August 2013

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Nine months ago, Breakthrough’s partner Michael McGill, PhD moved his family to Kampala, Uganda. Their goal? Be near the center of the youngest and most conflicted region of the world in order to further the work of the Young Peacebuilders Initiative.

YPI Burundi Conference

2013 YPI Burundi Conference

Armed with the knowledge that impoverished countries with young populations are more prone to conflict, Dr. McGill and YPI work to prevent or stop cycles of violence. By viewing children and youth as an asset, YPI works to equip, nurture and give skills to young people so that they may become peacebuilding participants in their society. The YPI peacebuilding skills and passion offers children and youth an alternative to the decades of corruption, destruction and exploitation they have viewed in their countries.

Take “Billy” for example. Billy lives in Burundi in a community well known to military fascists active in his border region. Billy’s community has been a part of YPI training, so both at school and at church, he has received peacebuilding training. He has learned to be a civic participant in his community and has even served on a local child peacebuilding board. When Billy was 14, the rebel soldiers first knocked on his door to recruit him. However, Billy knew he had other options. He was set on a different path than the military groups and so were the other youth in his community. Through peacebuilding training, YPI strives to teach and provide alternatives to cycles of violence in countries worldwide. Young people play a vital role in a country’s future of violence or peace, and because children younger than 14 are still developing their moral framework, YPI focuses toward children under 14.

As a researcher who recently completed his PhD in intercultural studies with a child peacebuilding focus, McGill is driven by a desire to measure the impact of investing in child peacemakers instead of focusing on armed intervention as the primary answer to conflict. For this reason, each YPI partnership is paired with a local university so that peacebuilding indicators may be closely tracked to show the peacebuilding impact of YPI education and training on the community. By gaining evidence of the impact of mobilizing young peacebuilders, Breakthrough and YPI hope to catalyze replication of the YPI process worldwide.

Stay tuned as we explore what the YPI process looks like on the ground in Burundi!

Learn more about YPI here, or listen to Michael discuss his vision here. Then follow them on Facebook or Twitter for regular updates!

Julius

Julius Muwanguzi of Uganda

When people think of a coach, sporting games with red-faced men frantically waving arms and shouting instructions is usually what comes to mind.

Mark Mielbrecht’s coaching couldn’t be more different.

Two years ago, Mark and three others at Breakthrough Partners signed up to become certified coaches through Creative Results Management. The coaching method they learned is unique. “It’s a client-led agenda,” Mark said. “They say what they want to work on; I’m helping them achieve the goals they set for themselves.” Mark explained that it is future-focused, while counseling is often focused on the past. “We like to recognize the effects of the past, but ultimately believe that God created us as unique and gifted individuals. We have to trust the Holy Spirit to enable us to fulfill our God-given purpose.” In order to do so, Mark’s coaching focuses on a person’s desire to set goals, overcome barriers and willingness to choose to move in a positive direction in order to meet one’s potential.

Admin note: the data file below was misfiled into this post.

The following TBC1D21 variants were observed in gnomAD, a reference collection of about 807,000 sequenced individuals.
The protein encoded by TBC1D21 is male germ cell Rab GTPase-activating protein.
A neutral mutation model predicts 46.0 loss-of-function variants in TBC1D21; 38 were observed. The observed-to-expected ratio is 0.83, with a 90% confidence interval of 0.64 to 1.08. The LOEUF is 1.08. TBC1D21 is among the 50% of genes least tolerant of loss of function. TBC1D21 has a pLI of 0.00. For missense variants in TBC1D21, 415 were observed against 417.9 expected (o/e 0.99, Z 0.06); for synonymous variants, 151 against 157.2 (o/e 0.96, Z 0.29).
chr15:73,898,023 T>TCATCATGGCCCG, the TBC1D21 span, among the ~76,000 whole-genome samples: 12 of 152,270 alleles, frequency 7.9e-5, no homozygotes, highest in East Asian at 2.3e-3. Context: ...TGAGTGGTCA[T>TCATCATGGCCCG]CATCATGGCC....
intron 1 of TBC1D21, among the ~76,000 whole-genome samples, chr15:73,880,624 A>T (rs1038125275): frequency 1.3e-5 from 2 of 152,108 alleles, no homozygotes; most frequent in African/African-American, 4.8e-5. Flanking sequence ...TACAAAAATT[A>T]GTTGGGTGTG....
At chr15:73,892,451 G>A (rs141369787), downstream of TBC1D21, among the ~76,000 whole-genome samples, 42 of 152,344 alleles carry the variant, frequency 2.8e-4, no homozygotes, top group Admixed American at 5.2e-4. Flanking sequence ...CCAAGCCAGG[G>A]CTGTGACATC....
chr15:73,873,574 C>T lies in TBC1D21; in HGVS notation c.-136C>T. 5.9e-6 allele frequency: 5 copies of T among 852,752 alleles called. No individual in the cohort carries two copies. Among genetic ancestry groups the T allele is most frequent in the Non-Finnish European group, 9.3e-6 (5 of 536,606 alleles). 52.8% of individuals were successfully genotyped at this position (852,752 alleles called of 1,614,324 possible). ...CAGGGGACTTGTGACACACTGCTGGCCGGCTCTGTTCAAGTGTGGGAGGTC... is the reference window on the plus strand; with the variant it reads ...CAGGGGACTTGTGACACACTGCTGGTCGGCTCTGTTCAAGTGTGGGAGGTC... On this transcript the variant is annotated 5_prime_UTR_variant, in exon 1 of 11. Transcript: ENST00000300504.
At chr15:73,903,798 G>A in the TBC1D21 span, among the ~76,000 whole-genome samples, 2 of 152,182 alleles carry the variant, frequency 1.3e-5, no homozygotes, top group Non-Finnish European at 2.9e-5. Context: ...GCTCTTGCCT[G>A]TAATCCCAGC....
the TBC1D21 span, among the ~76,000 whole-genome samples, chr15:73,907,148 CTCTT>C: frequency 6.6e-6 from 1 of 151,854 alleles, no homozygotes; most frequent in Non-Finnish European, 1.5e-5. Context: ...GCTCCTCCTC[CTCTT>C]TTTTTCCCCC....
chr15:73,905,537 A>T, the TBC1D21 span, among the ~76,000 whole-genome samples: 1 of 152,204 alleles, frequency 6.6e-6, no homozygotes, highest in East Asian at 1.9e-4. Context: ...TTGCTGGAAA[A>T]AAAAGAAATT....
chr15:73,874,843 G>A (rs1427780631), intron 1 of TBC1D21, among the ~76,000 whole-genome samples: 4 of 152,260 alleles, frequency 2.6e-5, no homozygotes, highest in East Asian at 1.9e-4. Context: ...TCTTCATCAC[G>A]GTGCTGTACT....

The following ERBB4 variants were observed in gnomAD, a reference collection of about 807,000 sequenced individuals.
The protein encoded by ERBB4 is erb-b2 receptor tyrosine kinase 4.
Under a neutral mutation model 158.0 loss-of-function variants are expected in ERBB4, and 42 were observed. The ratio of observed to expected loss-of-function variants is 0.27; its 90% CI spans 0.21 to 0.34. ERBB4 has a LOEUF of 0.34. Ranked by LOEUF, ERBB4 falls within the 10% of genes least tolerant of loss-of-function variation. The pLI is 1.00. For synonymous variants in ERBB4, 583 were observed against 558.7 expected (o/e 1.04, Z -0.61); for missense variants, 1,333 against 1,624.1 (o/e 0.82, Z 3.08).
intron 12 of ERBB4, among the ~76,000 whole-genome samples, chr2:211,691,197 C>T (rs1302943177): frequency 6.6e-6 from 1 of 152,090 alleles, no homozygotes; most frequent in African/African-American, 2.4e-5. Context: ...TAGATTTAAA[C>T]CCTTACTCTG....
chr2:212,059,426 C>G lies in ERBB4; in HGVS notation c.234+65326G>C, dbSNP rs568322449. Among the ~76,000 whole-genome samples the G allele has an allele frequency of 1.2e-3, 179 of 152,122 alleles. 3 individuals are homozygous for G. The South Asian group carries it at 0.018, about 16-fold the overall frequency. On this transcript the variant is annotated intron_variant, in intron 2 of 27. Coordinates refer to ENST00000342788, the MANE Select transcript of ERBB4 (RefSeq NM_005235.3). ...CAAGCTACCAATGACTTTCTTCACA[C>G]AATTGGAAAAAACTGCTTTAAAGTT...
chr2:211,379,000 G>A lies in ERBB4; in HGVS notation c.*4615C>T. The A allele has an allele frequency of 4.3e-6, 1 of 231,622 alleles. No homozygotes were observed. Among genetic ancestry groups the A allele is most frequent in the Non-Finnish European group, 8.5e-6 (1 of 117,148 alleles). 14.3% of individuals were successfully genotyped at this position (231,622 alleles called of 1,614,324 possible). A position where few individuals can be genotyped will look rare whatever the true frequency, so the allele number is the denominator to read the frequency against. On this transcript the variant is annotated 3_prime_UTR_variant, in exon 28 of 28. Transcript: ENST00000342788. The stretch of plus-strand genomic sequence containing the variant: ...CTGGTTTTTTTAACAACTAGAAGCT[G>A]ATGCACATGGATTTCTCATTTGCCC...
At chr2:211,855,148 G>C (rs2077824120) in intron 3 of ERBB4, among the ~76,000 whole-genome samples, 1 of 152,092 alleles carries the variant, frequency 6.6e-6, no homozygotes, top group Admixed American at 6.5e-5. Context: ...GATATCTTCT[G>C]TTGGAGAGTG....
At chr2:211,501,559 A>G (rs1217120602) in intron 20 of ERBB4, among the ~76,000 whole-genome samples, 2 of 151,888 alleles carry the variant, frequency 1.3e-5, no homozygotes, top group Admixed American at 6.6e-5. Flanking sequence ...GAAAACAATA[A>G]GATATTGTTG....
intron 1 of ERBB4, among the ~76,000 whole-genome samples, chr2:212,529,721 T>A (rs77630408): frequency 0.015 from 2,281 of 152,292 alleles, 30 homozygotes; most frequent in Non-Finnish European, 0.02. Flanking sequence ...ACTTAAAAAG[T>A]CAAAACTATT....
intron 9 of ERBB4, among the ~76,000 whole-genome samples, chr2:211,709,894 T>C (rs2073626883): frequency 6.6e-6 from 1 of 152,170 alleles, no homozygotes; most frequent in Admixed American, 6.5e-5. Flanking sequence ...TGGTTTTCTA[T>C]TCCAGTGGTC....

Mark recently coached Breakthrough’s friend Pastor Julius of Uganda. His church had planted corn to feed the village and provide for schoolchildren, but the crop was destroyed when a neighbor allowed his cows to graze on the plot. Julius was faced with a dilemma. He wanted to show love to his neighbor but had the reality of a destroyed crop that could no longer feed the village. He struggled with whether to turn the other cheek or seek restitution to meet the needs of the village. Through Mark’s coaching, Julius decided that he should meet with the elected village council to ask for their input regarding a solution and support. They in turn spoke with the neighbor about his negligence. “I never told Julius what to do. All I did as a coach was help him discover his solution to the present problem. That’s the beautiful thing.” Mark’s coaching with Julius helped prevent a conflict between a pastor and his community and helped give recognized authority to the recently elected governing body of the village.

Mark and the other Breakthrough coaches are well on their way to logging the necessary hours for their coaching certification. As they do so, they will continue to play an important role in helping clients decide the best action-steps to self-created solutions and effective change.